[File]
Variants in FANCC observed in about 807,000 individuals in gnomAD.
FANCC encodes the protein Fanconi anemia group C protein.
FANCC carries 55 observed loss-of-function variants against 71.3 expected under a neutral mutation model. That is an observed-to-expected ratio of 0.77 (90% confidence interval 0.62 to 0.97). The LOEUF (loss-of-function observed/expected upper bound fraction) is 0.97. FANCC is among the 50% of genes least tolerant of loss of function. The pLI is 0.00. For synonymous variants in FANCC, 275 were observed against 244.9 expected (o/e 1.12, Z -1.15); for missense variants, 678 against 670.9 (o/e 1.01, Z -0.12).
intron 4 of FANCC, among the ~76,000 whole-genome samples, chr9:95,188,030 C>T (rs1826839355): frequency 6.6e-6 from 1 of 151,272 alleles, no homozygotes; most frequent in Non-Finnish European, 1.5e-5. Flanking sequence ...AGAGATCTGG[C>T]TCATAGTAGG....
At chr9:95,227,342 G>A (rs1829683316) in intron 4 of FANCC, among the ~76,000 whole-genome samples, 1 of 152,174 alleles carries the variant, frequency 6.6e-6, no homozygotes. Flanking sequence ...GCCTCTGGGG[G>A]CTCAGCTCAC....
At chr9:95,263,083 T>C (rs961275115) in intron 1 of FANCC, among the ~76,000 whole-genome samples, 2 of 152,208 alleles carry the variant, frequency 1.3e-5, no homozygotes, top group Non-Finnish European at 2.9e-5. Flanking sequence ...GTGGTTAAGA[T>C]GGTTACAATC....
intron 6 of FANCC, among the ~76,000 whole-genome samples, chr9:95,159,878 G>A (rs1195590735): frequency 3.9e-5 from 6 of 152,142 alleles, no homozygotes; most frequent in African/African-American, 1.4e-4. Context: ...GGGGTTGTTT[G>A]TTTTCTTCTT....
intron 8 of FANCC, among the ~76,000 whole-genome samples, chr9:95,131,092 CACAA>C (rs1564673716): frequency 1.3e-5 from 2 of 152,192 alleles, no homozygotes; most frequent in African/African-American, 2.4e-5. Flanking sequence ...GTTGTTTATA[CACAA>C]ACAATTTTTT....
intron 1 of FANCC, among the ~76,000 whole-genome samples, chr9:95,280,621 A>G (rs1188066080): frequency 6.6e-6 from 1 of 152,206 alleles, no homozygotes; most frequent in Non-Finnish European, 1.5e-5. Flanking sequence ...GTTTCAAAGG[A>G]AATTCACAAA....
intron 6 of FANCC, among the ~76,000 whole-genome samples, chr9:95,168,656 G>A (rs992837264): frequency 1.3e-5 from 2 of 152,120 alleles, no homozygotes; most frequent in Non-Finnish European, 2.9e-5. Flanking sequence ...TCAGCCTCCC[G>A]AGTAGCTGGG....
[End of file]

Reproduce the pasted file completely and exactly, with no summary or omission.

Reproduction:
Variants in FANCC observed in about 807,000 individuals in gnomAD.
FANCC encodes the protein Fanconi anemia group C protein.
FANCC carries 55 observed loss-of-function variants against 71.3 expected under a neutral mutation model. That is an observed-to-expected ratio of 0.77 (90% confidence interval 0.62 to 0.97). The LOEUF (loss-of-function observed/expected upper bound fraction) is 0.97. FANCC is among the 50% of genes least tolerant of loss of function. The pLI is 0.00. For synonymous variants in FANCC, 275 were observed against 244.9 expected (o/e 1.12, Z -1.15); for missense variants, 678 against 670.9 (o/e 1.01, Z -0.12).
intron 4 of FANCC, among the ~76,000 whole-genome samples, chr9:95,188,030 C>T (rs1826839355): frequency 6.6e-6 from 1 of 151,272 alleles, no homozygotes; most frequent in Non-Finnish European, 1.5e-5. Flanking sequence ...AGAGATCTGG[C>T]TCATAGTAGG....
At chr9:95,227,342 G>A (rs1829683316) in intron 4 of FANCC, among the ~76,000 whole-genome samples, 1 of 152,174 alleles carries the variant, frequency 6.6e-6, no homozygotes. Flanking sequence ...GCCTCTGGGG[G>A]CTCAGCTCAC....
At chr9:95,263,083 T>C (rs961275115) in intron 1 of FANCC, among the ~76,000 whole-genome samples, 2 of 152,208 alleles carry the variant, frequency 1.3e-5, no homozygotes, top group Non-Finnish European at 2.9e-5. Flanking sequence ...GTGGTTAAGA[T>C]GGTTACAATC....
intron 6 of FANCC, among the ~76,000 whole-genome samples, chr9:95,159,878 G>A (rs1195590735): frequency 3.9e-5 from 6 of 152,142 alleles, no homozygotes; most frequent in African/African-American, 1.4e-4. Context: ...GGGGTTGTTT[G>A]TTTTCTTCTT....
intron 8 of FANCC, among the ~76,000 whole-genome samples, chr9:95,131,092 CACAA>C (rs1564673716): frequency 1.3e-5 from 2 of 152,192 alleles, no homozygotes; most frequent in African/African-American, 2.4e-5. Flanking sequence ...GTTGTTTATA[CACAA>C]ACAATTTTTT....
intron 1 of FANCC, among the ~76,000 whole-genome samples, chr9:95,280,621 A>G (rs1188066080): frequency 6.6e-6 from 1 of 152,206 alleles, no homozygotes; most frequent in Non-Finnish European, 1.5e-5. Flanking sequence ...GTTTCAAAGG[A>G]AATTCACAAA....
intron 6 of FANCC, among the ~76,000 whole-genome samples, chr9:95,168,656 G>A (rs992837264): frequency 1.3e-5 from 2 of 152,120 alleles, no homozygotes; most frequent in Non-Finnish European, 2.9e-5. Flanking sequence ...TCAGCCTCCC[G>A]AGTAGCTGGG....